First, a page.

As we see the global markets shift from a long bull run to a recessionary period, you’ll probably notice a few of your clients struggling to get the traction they were once used to.
They may look directly at you and put you in charge of “more leads” and ultimately, to grow the business via new client acquisition.
And while that is certainly the main part of our job as marketers, it’s important to be aware of the various forces at play so you can work on the right things to make the necessary impact.
Here’s how I break down the problem to help our clients get the best possible results.
1. Macroeconomic Forces
Right now, the capital markets are down and it’s getting more expensive to borrow.
There’s concern about a looming recession in the coming months or years, and that means generally people are spending less money than they were during the long and prosperous bull run that led us here.
A lot of companies are seeing plateaus and in some cases, declines in sales. This means they pre-emptively conserve cash in case things get worse.
Consumers also spend less. And that makes our job harder.
We are directly impacted by the macro, whether we’re aware of it or not. It’s good to be aware of the broad picture in times like these.
Metric to look for: GDP growth/decline, major market indexes like the S&P and DOW, federal interest rates, geopolitical activity.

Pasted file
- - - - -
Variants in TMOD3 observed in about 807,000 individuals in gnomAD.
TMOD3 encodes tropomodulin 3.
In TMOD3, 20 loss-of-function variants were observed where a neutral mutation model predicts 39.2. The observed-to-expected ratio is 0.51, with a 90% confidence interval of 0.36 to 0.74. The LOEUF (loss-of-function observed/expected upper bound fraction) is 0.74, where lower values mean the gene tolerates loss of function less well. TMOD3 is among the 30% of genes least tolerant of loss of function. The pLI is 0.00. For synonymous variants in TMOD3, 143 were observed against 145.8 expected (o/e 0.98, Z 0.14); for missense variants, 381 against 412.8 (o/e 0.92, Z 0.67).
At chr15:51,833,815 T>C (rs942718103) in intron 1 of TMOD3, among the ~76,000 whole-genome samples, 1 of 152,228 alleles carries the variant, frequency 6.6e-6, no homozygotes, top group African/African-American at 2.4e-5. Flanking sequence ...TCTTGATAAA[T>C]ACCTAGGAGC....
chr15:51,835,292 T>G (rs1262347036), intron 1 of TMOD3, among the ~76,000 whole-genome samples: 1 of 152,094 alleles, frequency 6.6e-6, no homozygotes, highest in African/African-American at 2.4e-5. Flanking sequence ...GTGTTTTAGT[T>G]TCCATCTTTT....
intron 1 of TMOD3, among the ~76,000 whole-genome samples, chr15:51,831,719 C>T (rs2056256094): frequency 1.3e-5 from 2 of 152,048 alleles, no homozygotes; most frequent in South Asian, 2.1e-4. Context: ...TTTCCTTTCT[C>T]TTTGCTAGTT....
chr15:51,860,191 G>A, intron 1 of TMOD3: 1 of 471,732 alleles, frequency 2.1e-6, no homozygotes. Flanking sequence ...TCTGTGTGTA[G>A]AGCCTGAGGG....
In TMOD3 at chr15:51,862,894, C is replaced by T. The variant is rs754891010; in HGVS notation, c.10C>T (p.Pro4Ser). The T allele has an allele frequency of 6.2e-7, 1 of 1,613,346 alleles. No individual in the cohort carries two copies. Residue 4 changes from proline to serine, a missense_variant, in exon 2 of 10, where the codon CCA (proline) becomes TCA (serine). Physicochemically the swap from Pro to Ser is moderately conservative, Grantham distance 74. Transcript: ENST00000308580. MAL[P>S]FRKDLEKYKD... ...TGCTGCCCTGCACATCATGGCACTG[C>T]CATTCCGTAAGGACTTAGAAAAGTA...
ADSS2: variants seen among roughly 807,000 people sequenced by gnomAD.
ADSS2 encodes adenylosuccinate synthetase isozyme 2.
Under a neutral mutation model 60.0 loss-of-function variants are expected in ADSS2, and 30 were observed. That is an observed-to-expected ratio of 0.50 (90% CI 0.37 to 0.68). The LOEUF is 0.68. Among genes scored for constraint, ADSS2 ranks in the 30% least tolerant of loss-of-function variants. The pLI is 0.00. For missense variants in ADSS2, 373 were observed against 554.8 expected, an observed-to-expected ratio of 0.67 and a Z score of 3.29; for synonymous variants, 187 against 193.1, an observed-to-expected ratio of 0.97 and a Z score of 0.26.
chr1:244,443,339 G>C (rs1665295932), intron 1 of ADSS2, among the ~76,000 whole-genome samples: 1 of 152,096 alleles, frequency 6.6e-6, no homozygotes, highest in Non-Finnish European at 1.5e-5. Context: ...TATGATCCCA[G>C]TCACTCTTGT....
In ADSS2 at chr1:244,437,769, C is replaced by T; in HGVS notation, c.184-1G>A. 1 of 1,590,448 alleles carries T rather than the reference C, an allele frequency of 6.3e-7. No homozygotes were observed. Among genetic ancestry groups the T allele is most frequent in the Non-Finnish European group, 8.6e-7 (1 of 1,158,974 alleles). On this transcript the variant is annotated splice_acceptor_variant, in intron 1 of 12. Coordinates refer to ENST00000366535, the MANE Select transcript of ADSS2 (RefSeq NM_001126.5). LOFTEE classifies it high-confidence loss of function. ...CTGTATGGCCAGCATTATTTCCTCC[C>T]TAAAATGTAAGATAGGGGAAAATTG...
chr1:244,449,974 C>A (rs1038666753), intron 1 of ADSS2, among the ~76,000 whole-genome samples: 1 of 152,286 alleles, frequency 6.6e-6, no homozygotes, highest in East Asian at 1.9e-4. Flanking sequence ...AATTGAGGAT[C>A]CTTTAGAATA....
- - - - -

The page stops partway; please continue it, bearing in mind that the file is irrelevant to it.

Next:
2. Market Forces
The market consists of buyers and sellers in any given region or addressable area.
If the macro picture is negative, there are usually fewer people looking to buy right now. You can only sell to the people who want to buy, after all.
Furthermore, if there is a lot of competition, that smaller pool of buyers will have plenty of options to choose from, making it even more challenging.
The most customer-centric companies win in these environments.
All of this means everything companies do needs to be buttoned up. Complacent companies will be the first to get cut or replaced.
We’ll get into the particulars below.
Metric to look for: Who is the category leader and why are they most successful?
3. Category Demand
Demand for your clients’ category (i.e. CRMs, legal services, whatever else) is a major driver of a company’s success. It was almost impossible to lose money selling pickaxes during the gold rush in California.
I might love chocolate-covered pickles. I might open a chocolate pickles store. But if most people don’t like them and that’s what you sell, you’re in a tough place.
Sometimes, demand is static. People buy shampoo and dog food at pretty consistent rates.
But demand can also fluctuate due to a variety of circumstances.
Ice cream doesn’t sell too well in a Canadian winter. People don’t go on as many vacations to the Bahamas during hurricane season.
And when the macro conditions get tight, people scale down to the essentials. Demand is a real force at play, whether you and your clients recognize it or not.
Metric to look for: Total market size for the industry (local and global).
4. Brand and Product Awareness
As a marketer, making people in your target market aware of your product or service is your main job.
If people search on Google for a solution, your job is to make sure your client is plastered all over the search results.
If people buy your clients’ products impulsively from a Facebook ad, that’s where you need to show up.
If your clients’ target market spends a lot of time and money going to conferences, it’s a good sign you should help your clients show up in the best possible way.
People most closely associate a marketer’s job with driving awareness. As we’ll learn here, that’s just one of many influencing factors at play.
Metric to look for: Traffic/impressions/conversations.
5. Product Quality